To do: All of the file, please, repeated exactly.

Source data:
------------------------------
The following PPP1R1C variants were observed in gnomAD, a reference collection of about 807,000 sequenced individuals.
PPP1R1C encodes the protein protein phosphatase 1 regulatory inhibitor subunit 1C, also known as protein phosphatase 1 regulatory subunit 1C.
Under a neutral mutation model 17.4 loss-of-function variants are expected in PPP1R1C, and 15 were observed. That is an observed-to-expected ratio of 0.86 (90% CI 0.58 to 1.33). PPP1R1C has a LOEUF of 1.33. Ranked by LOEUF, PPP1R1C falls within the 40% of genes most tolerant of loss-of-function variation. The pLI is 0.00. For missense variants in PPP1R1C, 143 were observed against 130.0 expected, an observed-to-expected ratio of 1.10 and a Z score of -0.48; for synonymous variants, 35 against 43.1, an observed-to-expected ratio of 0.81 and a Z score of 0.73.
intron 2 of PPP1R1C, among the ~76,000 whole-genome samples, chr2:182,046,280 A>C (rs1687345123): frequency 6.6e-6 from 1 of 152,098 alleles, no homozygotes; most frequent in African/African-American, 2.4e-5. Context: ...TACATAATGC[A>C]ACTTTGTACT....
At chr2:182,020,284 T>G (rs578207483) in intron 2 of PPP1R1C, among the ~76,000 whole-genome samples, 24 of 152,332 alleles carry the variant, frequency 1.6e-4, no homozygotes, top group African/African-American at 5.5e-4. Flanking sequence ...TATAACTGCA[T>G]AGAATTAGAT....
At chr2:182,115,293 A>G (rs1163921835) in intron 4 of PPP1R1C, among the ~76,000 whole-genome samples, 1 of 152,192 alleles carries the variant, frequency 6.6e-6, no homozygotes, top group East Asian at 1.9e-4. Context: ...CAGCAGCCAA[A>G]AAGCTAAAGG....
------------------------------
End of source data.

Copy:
The following PPP1R1C variants were observed in gnomAD, a reference collection of about 807,000 sequenced individuals.
PPP1R1C encodes the protein protein phosphatase 1 regulatory inhibitor subunit 1C, also known as protein phosphatase 1 regulatory subunit 1C.
Under a neutral mutation model 17.4 loss-of-function variants are expected in PPP1R1C, and 15 were observed. That is an observed-to-expected ratio of 0.86 (90% CI 0.58 to 1.33). PPP1R1C has a LOEUF of 1.33. Ranked by LOEUF, PPP1R1C falls within the 40% of genes most tolerant of loss-of-function variation. The pLI is 0.00. For missense variants in PPP1R1C, 143 were observed against 130.0 expected, an observed-to-expected ratio of 1.10 and a Z score of -0.48; for synonymous variants, 35 against 43.1, an observed-to-expected ratio of 0.81 and a Z score of 0.73.
intron 2 of PPP1R1C, among the ~76,000 whole-genome samples, chr2:182,046,280 A>C (rs1687345123): frequency 6.6e-6 from 1 of 152,098 alleles, no homozygotes; most frequent in African/African-American, 2.4e-5. Context: ...TACATAATGC[A>C]ACTTTGTACT....
At chr2:182,020,284 T>G (rs578207483) in intron 2 of PPP1R1C, among the ~76,000 whole-genome samples, 24 of 152,332 alleles carry the variant, frequency 1.6e-4, no homozygotes, top group African/African-American at 5.5e-4. Flanking sequence ...TATAACTGCA[T>G]AGAATTAGAT....
At chr2:182,115,293 A>G (rs1163921835) in intron 4 of PPP1R1C, among the ~76,000 whole-genome samples, 1 of 152,192 alleles carries the variant, frequency 6.6e-6, no homozygotes, top group East Asian at 1.9e-4. Context: ...CAGCAGCCAA[A>G]AAGCTAAAGG....